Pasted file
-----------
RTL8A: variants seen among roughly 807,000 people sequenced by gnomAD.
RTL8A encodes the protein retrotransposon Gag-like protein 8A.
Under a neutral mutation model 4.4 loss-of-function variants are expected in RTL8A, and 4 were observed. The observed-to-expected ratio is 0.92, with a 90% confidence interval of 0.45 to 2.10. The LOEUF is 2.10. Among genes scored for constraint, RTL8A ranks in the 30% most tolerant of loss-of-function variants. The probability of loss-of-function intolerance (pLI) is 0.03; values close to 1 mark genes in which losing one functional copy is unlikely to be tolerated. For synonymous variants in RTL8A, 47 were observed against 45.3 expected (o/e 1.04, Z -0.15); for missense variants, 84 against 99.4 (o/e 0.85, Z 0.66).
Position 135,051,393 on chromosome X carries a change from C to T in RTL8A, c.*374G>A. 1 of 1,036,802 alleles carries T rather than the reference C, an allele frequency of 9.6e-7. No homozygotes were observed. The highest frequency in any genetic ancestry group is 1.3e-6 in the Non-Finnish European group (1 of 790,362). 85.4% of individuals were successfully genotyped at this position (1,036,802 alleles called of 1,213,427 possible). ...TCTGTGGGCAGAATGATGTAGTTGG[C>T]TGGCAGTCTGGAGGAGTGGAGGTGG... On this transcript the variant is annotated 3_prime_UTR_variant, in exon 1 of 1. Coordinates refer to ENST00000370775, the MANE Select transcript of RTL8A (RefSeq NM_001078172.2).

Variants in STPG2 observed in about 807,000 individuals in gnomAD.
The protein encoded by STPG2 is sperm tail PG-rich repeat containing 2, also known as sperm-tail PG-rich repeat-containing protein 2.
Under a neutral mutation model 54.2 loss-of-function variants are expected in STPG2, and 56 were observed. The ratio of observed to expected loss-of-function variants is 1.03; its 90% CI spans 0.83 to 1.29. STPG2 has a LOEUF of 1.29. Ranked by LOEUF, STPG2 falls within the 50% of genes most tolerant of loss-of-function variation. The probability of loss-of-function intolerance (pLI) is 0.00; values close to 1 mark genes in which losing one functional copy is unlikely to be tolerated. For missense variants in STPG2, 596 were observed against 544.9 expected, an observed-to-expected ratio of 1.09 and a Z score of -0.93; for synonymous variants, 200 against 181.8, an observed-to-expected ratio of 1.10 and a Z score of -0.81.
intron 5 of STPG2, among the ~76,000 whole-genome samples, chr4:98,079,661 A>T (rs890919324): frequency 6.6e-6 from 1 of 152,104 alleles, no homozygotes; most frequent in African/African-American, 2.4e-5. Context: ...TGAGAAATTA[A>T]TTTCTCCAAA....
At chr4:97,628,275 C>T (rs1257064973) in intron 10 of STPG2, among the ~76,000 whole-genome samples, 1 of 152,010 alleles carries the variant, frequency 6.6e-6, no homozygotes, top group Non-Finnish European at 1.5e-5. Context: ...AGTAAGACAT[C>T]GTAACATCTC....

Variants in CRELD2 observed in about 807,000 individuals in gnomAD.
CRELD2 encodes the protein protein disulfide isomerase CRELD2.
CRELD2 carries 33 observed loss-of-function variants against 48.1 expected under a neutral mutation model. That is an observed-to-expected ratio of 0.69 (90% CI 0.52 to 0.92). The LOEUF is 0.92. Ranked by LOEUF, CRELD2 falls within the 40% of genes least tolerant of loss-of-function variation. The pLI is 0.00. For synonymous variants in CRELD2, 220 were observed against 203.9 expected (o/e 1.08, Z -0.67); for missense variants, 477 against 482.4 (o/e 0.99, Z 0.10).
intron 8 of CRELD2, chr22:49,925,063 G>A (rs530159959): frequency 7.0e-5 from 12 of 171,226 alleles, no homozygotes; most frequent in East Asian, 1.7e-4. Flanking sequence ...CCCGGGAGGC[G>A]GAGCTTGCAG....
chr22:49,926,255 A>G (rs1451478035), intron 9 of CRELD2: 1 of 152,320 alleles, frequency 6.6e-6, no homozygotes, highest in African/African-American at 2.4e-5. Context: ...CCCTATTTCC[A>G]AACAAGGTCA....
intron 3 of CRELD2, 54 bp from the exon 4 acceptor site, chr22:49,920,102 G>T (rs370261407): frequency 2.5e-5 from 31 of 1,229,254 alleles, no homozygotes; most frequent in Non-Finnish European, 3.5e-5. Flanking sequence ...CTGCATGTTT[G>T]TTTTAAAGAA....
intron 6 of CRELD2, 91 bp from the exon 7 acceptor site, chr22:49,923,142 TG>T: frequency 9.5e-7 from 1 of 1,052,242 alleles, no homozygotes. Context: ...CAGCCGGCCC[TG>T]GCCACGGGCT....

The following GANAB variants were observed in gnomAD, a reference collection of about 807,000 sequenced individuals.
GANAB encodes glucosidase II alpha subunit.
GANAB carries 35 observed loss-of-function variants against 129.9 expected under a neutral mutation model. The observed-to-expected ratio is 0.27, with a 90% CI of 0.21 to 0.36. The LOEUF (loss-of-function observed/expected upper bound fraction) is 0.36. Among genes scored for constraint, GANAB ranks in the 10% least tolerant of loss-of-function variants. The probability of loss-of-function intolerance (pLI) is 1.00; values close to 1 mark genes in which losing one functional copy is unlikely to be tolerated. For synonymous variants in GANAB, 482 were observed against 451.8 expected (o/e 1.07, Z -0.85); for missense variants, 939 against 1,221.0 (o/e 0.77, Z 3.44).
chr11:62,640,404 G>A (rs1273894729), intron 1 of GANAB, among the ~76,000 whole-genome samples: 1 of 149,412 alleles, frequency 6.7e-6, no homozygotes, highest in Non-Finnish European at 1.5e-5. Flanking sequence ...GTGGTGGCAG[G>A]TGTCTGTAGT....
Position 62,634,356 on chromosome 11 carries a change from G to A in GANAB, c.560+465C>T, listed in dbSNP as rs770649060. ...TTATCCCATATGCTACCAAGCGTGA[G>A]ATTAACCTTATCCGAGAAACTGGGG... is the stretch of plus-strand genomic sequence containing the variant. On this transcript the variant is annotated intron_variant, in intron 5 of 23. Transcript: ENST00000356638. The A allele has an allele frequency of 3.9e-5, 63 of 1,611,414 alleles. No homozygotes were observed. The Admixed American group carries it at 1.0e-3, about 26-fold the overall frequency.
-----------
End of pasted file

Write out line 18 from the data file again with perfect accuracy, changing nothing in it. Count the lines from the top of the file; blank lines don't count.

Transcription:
GANAB encodes glucosidase II alpha subunit.